AI Improves Translation, Facilitates International Trade
After eBay implemented a new AI-based translation program, U.S. exports to Spanish-speaking Latin American countries on the platform increased sharply.
Advances in machine learning have significantly improved the performance of various artificial intelligence (AI) systems. Error rates of top speech recognition systems, for example, decreased from 15 percent in 2011 to 5 percent in 2017. Despite such advances, economists have found only scant evidence that this technology has affected aggregate productivity. Some argue that complementary innovations will be required to integrate AI into production.
In Does Machine Translation Affect International Trade? Evidence from a Large Digital Platform (NBER Working Paper No. 24917), Erik Brynjolfsson, Xiang Hui, and Meng Liu explore the economic effects of one technology that has been easily integrated into business operations: eBay's Machine Translation (eMT) program. eMT, which has been rolled out for several language pairs such as Spanish-English in recent years, quickly translates search queries and results between languages. In the case of a Spanish-speaking buyer, for example, eMT translates the buyer's search terms into English, allowing for a search of relevant English-language listings, then translates the search results into Spanish for the buyer's review.
The researchers find that the introduction of eMT, which produced significantly better translation results than the previous translation program, increased international trade on the eBay platform significantly. After implementation, U.S. exports via eBay to Spanish-speaking Latin American countries increased by more than 17 percent.
The researchers find stronger effects for products that likely had higher translation-related costs before the introduction of the new technology. For example, the export increase was larger for differentiated products such as clothing, antiques, jewelry, and art than for homogeneous products such as cell phones or books, which have ISBN codes or other standardized identifiers. Export increases were also larger for products with longer item titles, and for less expensive products, for which translation-related costs constitute a higher fraction of item value. Exports of products worth less than $50 increased by 19.3 percent, while exports of more expensive items increased by a smaller amount. These effects suggest that the increase in exports is driven by improved translation, not unobserved contemporaneous events such as advertising.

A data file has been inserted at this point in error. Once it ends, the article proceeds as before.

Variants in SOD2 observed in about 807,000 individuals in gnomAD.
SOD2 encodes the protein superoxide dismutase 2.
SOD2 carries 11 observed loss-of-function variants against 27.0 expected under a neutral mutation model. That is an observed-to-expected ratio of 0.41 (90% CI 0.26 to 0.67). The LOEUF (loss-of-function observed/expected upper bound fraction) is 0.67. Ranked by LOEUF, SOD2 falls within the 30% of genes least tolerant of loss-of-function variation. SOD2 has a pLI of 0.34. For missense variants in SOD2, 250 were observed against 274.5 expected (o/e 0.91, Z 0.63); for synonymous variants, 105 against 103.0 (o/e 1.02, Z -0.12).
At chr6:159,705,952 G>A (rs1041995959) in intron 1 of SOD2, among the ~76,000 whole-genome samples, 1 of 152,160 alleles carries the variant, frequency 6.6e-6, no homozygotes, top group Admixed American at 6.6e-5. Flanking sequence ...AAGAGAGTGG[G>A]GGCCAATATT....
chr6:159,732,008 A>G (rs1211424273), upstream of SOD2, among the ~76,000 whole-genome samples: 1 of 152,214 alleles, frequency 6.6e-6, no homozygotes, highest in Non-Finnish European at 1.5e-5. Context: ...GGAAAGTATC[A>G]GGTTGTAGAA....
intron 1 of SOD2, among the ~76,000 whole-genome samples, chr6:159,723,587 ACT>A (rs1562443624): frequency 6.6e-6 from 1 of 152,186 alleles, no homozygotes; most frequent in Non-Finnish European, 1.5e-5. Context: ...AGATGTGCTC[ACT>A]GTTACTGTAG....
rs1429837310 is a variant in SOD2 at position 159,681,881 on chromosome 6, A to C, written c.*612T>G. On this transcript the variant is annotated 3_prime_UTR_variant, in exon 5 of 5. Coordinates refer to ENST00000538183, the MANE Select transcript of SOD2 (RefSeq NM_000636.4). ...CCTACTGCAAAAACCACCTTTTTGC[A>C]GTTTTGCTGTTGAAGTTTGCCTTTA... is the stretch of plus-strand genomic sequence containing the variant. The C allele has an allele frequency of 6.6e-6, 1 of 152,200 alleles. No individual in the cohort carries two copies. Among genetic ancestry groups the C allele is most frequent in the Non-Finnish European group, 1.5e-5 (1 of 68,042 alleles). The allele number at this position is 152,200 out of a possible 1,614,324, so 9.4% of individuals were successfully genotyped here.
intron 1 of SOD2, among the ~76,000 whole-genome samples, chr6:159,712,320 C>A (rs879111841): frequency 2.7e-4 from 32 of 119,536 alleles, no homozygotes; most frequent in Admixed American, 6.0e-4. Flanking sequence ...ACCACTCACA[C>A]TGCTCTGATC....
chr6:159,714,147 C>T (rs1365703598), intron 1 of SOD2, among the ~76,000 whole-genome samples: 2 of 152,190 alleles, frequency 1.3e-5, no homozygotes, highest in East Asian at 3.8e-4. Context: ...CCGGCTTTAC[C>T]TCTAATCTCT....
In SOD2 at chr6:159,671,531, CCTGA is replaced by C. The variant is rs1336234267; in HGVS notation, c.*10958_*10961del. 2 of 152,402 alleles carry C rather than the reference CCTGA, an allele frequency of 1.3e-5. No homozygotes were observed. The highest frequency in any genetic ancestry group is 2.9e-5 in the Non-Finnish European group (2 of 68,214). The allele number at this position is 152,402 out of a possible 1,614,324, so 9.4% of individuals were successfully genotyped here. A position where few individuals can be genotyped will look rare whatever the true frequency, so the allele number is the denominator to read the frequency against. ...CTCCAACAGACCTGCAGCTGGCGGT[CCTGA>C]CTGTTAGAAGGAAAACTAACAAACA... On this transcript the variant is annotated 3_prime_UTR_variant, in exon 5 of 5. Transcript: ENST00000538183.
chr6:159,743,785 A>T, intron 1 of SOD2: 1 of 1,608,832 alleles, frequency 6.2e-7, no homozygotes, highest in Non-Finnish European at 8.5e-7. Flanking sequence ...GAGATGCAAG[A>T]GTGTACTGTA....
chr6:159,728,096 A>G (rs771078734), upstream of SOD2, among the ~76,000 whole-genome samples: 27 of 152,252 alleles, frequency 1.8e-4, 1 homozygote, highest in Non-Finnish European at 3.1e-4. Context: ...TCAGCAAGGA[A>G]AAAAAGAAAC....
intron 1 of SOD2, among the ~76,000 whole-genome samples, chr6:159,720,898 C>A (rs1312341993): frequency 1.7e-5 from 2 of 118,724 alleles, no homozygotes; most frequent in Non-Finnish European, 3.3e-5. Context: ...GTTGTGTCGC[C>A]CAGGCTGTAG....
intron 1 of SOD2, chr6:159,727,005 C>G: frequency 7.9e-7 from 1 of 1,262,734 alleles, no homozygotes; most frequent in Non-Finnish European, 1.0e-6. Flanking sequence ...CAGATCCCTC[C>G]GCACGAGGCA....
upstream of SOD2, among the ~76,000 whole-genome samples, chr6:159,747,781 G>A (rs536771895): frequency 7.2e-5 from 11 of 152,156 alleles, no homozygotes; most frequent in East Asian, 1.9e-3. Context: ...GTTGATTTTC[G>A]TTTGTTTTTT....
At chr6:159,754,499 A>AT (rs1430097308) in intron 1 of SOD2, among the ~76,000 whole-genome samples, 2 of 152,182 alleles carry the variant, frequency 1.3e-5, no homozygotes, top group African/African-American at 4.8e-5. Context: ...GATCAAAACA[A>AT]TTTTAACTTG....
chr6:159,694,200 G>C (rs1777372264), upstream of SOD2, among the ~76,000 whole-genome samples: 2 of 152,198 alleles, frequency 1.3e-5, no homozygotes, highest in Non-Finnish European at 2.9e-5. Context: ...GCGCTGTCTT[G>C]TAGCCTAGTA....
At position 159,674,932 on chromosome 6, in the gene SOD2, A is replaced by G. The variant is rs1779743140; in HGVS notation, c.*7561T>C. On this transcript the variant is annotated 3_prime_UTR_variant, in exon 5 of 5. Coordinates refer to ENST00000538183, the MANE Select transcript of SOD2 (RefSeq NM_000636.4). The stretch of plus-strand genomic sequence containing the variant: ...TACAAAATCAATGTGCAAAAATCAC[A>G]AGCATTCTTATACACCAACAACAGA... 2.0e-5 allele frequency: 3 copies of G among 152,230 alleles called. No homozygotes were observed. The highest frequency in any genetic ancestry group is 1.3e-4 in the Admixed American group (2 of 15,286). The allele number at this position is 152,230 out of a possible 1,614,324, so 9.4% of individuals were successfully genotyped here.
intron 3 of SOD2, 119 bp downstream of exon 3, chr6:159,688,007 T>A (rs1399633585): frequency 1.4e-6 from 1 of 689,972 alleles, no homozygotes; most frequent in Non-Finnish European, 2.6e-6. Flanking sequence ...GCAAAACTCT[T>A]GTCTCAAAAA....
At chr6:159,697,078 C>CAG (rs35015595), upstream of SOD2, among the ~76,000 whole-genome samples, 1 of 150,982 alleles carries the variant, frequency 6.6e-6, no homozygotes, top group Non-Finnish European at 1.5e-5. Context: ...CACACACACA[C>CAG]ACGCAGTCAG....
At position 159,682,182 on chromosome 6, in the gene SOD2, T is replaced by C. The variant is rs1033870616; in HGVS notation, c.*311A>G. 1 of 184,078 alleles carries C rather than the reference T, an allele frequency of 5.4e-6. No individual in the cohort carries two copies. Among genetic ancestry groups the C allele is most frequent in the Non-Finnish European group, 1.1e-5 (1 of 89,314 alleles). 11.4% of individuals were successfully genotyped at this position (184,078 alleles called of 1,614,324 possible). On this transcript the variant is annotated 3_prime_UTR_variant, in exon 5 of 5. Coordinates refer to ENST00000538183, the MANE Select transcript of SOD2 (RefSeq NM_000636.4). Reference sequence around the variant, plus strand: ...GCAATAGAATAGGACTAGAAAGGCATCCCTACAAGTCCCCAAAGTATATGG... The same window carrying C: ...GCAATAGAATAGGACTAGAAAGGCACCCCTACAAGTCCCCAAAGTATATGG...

The effects of the introduction of eMT also appear to be larger for eBay buyers who likely faced higher translation-related costs. Using eBay users' experience levels as a proxy for translation-related costs, the researchers find that inexperienced buyers — defined as those who have purchased less than $2,500 of products on the platform in the prior year — saw a 6.1 percent larger increase in purchases than experienced buyers.
This study suggests that language barriers affect trade, and that reducing those barriers can meaningfully increase it. The researchers calculate that "introduction of eMT is equivalent of the export increase from reducing distances between countries by 37.3 percent."
According to the researchers, this example shows how AI already is affecting productivity and economic activity in some fields. They note that in addition to translation, AI applications are also emerging in speech recognition, computer vision, and recommender systems, with applications ranging from medical diagnoses to customer support, and from hiring decisions to self-driving vehicles. They predict additional economic effects from AI will soon be documented.
— Dwyer Gunn